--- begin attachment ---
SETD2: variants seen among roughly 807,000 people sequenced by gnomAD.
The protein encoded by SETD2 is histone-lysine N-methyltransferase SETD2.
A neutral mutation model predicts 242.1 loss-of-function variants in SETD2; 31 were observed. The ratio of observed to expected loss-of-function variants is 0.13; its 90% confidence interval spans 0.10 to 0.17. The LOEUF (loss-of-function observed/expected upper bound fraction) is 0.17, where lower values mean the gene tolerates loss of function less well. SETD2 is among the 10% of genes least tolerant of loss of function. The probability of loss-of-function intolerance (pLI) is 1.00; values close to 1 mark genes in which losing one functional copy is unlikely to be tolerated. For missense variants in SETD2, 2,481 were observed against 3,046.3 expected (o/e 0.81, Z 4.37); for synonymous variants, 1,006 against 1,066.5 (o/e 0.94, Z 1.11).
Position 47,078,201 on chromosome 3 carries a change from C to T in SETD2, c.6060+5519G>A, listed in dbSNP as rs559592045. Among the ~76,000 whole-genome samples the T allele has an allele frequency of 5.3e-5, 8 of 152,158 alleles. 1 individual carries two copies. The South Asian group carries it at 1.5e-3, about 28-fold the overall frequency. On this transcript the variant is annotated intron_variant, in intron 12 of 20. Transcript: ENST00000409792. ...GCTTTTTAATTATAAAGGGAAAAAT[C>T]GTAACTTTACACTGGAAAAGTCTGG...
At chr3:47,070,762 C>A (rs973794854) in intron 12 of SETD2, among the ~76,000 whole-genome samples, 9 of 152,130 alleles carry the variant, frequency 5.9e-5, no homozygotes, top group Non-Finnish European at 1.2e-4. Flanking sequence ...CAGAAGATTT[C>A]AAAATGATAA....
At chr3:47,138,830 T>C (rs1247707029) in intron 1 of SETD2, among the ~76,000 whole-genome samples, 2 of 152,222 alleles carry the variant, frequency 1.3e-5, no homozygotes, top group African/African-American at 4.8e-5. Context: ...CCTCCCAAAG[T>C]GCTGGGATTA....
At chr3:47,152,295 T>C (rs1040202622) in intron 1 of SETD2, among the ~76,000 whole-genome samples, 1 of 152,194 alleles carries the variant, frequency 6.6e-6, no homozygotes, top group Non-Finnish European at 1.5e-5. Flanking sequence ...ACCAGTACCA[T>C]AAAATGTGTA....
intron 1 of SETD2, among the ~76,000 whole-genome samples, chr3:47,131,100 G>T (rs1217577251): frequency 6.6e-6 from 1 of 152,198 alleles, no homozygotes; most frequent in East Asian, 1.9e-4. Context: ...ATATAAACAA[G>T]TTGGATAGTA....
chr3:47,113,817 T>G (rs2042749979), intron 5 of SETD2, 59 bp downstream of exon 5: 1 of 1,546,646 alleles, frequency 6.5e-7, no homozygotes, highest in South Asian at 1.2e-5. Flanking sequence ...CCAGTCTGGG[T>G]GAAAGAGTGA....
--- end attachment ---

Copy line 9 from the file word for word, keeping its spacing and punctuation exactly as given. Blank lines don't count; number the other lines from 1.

chr3:47,113,817 T>G (rs2042749979), intron 5 of SETD2, 59 bp downstream of exon 5: 1 of 1,546,646 alleles, frequency 6.5e-7, no homozygotes, highest in South Asian at 1.2e-5. Flanking sequence ...CCAGTCTGGG[T>G]GAAAGAGTGA....